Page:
What is American Karate?
Karate was first introduced to American service men after World War II by Japanese karate masters. With the new found skills many of these US servicemen took these skills to the United States and established their own dojos. Many Japanese karate instructors also sent instructors to popularize the martial art in the United States. Robert Trias was the first American to open a karate dojo in the United States.
In 1946 Robert Trias, a returning U.S. Navy veteran, began teaching private lessons in Phoenix, Arizona. Other early teachers of karate in America were Ed Parker (a native Hawaiian and Coast Guard veteran who earned a black belt in 1953), George Mattson (who began studying while stationed in Okinawa in 1956) and Peter Urban (a Navy veteran who started training in 1953).
Prior to 1946, most Karate teachers outside Japan were in the Territory of Hawaii (not yet a state). Many of those teachers taught Kempo to only Asians and locals. One such teacher was James Mitose. It was through Mitose that one style of Kempo (Kosho Shorei Ryu) was introduced to the world through William Chow, one of his black belts, who then went on to modify it and train Adriano Emperado, Edmond Parker, Ralph Castro and a host of other future Grandmasters, some who brought the modified art to the U.S.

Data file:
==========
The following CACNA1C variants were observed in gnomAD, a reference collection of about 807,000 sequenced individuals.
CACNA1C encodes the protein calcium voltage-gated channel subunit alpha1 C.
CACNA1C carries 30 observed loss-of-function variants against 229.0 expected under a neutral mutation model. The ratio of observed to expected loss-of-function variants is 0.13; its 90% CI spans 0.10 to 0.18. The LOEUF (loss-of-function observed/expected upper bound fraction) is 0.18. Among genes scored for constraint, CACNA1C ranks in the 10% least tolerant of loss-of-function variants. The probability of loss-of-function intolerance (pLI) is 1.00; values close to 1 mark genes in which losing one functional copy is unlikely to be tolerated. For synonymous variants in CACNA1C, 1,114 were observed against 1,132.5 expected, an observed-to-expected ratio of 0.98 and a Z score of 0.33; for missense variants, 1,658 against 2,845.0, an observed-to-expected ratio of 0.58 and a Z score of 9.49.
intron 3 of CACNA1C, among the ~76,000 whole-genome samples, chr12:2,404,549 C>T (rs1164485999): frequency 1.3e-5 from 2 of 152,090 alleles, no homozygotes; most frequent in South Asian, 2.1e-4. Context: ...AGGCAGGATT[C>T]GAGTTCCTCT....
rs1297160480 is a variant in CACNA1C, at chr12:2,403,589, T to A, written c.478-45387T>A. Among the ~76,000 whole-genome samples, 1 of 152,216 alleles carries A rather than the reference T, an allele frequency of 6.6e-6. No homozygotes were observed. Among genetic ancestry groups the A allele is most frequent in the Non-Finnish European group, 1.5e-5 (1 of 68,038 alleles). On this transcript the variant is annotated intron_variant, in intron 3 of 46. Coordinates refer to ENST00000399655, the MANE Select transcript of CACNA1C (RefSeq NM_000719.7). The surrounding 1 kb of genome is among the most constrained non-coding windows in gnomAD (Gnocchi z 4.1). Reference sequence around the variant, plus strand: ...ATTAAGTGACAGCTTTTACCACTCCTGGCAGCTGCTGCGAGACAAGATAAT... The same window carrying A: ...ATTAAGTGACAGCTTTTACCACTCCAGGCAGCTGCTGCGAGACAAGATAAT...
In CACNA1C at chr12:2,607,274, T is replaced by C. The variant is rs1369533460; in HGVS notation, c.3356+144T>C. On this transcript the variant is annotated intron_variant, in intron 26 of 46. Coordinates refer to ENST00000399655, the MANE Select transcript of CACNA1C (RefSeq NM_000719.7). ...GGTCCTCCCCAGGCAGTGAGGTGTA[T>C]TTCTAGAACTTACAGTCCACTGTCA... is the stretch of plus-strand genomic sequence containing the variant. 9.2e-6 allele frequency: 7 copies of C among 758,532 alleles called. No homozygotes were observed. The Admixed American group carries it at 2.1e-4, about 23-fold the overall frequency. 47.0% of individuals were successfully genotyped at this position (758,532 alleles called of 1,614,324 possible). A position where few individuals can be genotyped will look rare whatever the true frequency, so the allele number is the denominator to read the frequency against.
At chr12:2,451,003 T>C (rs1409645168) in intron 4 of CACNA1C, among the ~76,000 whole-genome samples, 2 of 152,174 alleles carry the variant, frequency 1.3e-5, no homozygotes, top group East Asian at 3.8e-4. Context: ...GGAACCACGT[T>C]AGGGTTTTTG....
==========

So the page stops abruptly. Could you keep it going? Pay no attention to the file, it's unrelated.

In the 1950s and early 60s several other Asian karate teachers began arriving in America to seek their fortunes and to aid in the popularization of the art. They included Hidetaka Nishiyama, Teruyuki Okazaki, Takayuki Mikami, Tsutomu Ohshima, Richard Kim and Takayuki Kubota. Several Koreans also came to America in those days to introduce the Korean version of the martial arts (not yet known by the term tae kwon do). They included Jhoon Rhee, Henry Cho, Kim Soo and Jack Hwang.
In spite of the presence of these Asian instructors, karate was primarily spread across the country in the early days by American-born teachers. They included Trias (called the "Father of American Karate"), Don Nagle, Parker, Mattson, and Urban, plus pioneers like Harold Long, Steve Armstrong, Allen Steen, Ernest Lieb, Pat Burleson, Chuck Norris and Joe Lewis.